History: We originally posted this challenge in August 2000. In December 2000 we found a satisfactory heuristic, "optimistic coalescing," as described in our technical report. However, optimistic coalescing is in no way optimal, and an optimal algorithm would still have practical application to real compilers. In October 2006, Daniel Grund and Sebastion Hack demonstrated an optimal algorithm using integer linear programming (see below).
Register allocation can be done by graph coloring, and many computers do register allocation this way. But register allocation is not simply the K-coloring of an interference graph: often the input graph is not K-colorable, and the allocator must color some of the nodes and delete others.
We have a new spilling algorithm for optimally deciding which nodes to delete, thus reducing register allocation to a simpler coloring problem. But coloring is NP-complete, and the greedy coloring algorithms that worked well for the relatively unconstrained problems posed by traditional algorithms do not work well for the coloring problems that come out of our optimal spiller.
To be practically useful, our optimal spilling algorithm requires a companion algorithm for K-coloring with optimal register coalescing. The challenge is to find an optimal coalescing algorithm.
These inputs were generated by compiling several of the standard SML/NJ benchmarks using a variant of SML/NJ that implements optimal register spilling. The solutions were generated by the iterated register coalescing algorithm.
Optimal Spilling for CISC Machines with Few Registers
(or, reducing register allocation to the unsolved problem of optimal coalescing)
Abstract. Register allocation based on graph coloring performs poorly for machines with few registers, if each temporary is held either in machine registers or memory over its entire lifetime. With the exception of short-lived temporaries, most temporaries must spill -- including long lived temporaries that are used within inner loops. Live-range splitting before or during register allocation helps to alleviate the problem but prior techniques are sometimes complex, make no guarantees about subsequent colorability and thus require further iterations of splitting, pay no attention to addressing modes, and make no claim to optimality. We formulate the register allocation problem for CISC architectures with few registers in two parts: an integer linear program that determines the optimal location to break up the implementation of a live range between registers and memory, and a register assignment phase that we guarantee to complete without further spill code insertion. Our linear programming model considers the various addressing modes available to an instruction and finds an optimal solution quickly. The second phase will complete without spilling, but at the expense of register-register copies remaining in the program. The task of coloring while leaving behind the minimum number of splits (optimal coalescing) is left as an open problem; we discuss two unsatisfactory solutions (one fast and suboptimal, the other optimal but far too slow).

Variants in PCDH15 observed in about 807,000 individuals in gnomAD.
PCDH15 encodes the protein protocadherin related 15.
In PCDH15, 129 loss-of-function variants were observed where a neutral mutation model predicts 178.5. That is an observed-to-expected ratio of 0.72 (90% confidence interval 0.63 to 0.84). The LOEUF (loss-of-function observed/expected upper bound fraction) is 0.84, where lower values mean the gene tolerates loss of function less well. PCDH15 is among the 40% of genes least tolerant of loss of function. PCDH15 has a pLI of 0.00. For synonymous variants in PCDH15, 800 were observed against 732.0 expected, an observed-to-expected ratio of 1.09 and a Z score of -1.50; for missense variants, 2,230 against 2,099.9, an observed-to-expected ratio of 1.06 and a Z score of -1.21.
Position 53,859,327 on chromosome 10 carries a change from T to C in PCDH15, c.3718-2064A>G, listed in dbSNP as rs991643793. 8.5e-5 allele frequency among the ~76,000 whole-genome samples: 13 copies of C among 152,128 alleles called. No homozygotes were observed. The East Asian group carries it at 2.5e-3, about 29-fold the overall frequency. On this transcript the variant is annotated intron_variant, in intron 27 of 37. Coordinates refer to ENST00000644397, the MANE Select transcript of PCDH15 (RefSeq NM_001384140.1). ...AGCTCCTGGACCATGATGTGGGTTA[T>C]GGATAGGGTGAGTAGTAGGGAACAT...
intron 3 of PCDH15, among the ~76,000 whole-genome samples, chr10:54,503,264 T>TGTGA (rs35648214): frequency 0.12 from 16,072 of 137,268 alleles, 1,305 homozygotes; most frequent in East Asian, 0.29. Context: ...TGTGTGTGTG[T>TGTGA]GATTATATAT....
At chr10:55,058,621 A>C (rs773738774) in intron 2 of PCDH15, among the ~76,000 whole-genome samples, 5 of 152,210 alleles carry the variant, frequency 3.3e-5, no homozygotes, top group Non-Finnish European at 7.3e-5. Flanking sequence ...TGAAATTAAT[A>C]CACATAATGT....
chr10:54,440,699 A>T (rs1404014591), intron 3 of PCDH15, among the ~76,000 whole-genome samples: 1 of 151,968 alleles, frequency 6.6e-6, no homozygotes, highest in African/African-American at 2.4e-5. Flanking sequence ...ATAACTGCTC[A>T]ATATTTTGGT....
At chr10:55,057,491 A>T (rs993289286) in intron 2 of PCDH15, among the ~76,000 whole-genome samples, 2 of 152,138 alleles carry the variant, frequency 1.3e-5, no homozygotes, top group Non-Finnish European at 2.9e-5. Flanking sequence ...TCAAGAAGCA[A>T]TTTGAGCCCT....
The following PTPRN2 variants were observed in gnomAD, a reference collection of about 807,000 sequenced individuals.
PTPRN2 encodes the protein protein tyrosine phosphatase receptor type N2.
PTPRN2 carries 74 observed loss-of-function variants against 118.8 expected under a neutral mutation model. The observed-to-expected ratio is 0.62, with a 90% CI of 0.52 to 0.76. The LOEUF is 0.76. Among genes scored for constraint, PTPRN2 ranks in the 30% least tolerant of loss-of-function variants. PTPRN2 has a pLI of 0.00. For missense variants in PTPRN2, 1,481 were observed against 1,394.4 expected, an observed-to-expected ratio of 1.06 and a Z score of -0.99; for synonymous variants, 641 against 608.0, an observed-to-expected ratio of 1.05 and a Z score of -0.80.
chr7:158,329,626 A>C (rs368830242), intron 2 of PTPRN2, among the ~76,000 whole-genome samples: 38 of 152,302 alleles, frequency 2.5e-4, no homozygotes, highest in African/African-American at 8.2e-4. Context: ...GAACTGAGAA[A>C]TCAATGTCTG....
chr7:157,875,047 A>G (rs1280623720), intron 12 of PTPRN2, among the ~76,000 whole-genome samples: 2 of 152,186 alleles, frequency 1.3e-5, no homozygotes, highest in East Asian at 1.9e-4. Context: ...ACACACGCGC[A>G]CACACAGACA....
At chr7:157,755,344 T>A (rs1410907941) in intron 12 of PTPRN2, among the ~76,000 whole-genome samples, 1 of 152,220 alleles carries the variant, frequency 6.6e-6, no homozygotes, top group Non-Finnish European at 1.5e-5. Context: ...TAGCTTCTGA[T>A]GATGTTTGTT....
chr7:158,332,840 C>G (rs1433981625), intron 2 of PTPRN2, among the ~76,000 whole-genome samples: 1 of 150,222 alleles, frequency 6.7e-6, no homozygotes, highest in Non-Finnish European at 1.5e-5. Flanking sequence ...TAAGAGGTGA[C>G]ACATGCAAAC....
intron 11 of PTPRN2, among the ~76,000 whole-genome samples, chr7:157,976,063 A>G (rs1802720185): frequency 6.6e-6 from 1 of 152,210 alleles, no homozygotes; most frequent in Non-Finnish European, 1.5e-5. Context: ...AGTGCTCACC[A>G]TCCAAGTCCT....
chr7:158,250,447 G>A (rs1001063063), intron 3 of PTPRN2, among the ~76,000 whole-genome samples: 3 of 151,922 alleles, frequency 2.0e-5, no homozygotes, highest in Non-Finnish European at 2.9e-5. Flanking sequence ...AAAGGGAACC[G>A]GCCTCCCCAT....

The following paper describes our greedy algorithm for the coalescing problem. The paper actually describes a more general algorithm that also does spilling; for the "coalescing challenge" that part of the algorithm need not be implemented, and the multiple passes described in the paper would be unnecessary.
When applied to the inputs described in the paper (using 25 colors to allocate for 32-register RISC machines) the greedy algorithm performs well. To 6-color graphs resulting from optimal spilling, the greedy algorithm does not produce near-optimal results.
Iterated Register Coalescing. Lal George and Andrew W. Appel. ACM Transactions on Programming Languages and Systems 18(3) 300-324, May 1996.